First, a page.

As soon as I heard the premise for THE SIMPLE ART OF FLYING (published in other regions as CALL ME ALASTAIR) I couldn’t wait to feature it. It’s a lovely story that explores loneliness as well as finding family and true friends.


Sometimes flying means keeping your feet on the ground…

Born in a dismal room in a pet store, Alastair the African grey parrot dreams of escape to bluer skies. He’d like nothing more than to fly away to a palm tree with his beloved sister, Aggie. But when Aggie is purchased by twelve-year-old Fritz, and Alastair is adopted by elderly dance-enthusiast and pie-baker Albertina Plopky, the future looks ready to crash-land.

In-between anxiously plucking his feathers, eating a few books, and finding his own poetic voice, Alastair plots his way to a family reunion. But soon he’s forced to choose between the life he’s always dreamed of and admitting the truth: that sometimes, the bravest adventure is in letting go.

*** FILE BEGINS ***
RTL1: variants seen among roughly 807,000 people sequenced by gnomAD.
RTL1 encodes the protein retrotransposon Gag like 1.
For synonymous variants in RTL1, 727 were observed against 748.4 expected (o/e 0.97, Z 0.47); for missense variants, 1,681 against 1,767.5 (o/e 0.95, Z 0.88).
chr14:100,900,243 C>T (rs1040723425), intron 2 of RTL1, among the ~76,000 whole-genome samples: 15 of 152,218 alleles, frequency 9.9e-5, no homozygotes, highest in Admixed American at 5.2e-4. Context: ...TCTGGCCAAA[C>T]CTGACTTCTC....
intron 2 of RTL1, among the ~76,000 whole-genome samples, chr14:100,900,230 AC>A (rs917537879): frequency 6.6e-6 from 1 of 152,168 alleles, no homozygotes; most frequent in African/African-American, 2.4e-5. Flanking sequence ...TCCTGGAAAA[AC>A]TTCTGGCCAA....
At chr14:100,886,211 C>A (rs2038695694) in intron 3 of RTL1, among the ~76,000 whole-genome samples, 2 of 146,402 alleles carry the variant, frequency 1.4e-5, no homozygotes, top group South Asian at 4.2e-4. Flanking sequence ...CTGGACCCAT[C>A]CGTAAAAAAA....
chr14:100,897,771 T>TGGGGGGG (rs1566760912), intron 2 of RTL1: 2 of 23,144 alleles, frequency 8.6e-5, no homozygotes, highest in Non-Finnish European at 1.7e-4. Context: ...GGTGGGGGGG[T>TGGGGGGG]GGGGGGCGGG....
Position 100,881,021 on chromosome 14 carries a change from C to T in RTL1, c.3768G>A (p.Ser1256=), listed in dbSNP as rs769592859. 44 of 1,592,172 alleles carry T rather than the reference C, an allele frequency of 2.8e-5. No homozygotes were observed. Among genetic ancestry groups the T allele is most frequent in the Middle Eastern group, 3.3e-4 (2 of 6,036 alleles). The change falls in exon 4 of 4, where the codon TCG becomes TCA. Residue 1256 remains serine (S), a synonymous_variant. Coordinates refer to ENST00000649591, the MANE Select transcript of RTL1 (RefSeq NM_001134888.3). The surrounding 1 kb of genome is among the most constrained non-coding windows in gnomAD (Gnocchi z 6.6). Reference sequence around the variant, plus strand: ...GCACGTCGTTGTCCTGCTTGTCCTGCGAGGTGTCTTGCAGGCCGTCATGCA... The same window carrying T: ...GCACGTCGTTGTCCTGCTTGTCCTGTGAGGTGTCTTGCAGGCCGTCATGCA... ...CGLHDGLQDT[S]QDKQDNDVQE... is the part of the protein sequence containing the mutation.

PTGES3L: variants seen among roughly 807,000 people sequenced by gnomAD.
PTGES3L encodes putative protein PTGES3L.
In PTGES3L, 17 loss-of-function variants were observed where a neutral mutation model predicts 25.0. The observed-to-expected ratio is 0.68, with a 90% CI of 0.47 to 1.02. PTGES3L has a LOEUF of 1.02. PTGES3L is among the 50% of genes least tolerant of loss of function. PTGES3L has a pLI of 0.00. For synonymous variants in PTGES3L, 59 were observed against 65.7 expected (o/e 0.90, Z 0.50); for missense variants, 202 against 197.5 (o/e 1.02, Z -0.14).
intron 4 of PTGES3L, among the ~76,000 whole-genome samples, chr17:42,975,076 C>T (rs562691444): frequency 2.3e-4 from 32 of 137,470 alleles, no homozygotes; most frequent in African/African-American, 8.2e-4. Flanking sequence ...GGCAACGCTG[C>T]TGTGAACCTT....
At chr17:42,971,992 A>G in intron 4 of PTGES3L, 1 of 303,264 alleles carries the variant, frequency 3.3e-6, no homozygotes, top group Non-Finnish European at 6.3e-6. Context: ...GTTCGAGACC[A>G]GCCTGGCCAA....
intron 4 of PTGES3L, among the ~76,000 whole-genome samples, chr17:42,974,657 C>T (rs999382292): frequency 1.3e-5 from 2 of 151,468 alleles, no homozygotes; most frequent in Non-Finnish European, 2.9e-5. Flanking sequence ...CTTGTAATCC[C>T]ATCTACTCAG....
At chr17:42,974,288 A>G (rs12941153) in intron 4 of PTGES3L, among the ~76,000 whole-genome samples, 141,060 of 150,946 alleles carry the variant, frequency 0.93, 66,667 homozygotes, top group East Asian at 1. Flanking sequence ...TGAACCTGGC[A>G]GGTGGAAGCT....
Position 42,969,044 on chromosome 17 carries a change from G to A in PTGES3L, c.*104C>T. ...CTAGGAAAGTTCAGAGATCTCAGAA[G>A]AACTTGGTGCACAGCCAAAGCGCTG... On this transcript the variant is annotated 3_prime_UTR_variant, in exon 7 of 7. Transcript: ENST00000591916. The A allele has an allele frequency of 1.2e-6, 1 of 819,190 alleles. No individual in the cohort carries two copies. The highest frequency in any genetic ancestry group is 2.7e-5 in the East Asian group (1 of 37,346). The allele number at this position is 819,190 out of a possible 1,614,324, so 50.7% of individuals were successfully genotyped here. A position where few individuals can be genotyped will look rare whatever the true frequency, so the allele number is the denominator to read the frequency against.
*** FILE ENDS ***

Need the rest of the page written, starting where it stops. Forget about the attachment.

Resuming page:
As a born and bred upstate New Yorker, what do you like most about where you live?

There are so many things to choose from! I’ll narrow it down to two. 1) The changing of seasons. We get it all. The winter-iest winters, cozy autumns, bright green springs, and beachy summers. My favorite? Definitely autumn. Apple-picking, baking, kaleidoscope trees, sweaters and jeans, and bonfires–it’s heavenly! And 2) The landscape. Rolling hills, mountains, rivers, waterfalls, lakes, forest, and farmland–NY is GORGEOUS, and I love trekking across every corner of this state. And when you combine the seasons with the landscape, it’s an artist’s dream.

Indeed it is! Coincidentally, my uncle, also an artist, lives there too. THE SIMPLE ART OF FLYING explores themes of loneliness and isolation. What do you hope readers gain from Alastair’s story, especially now?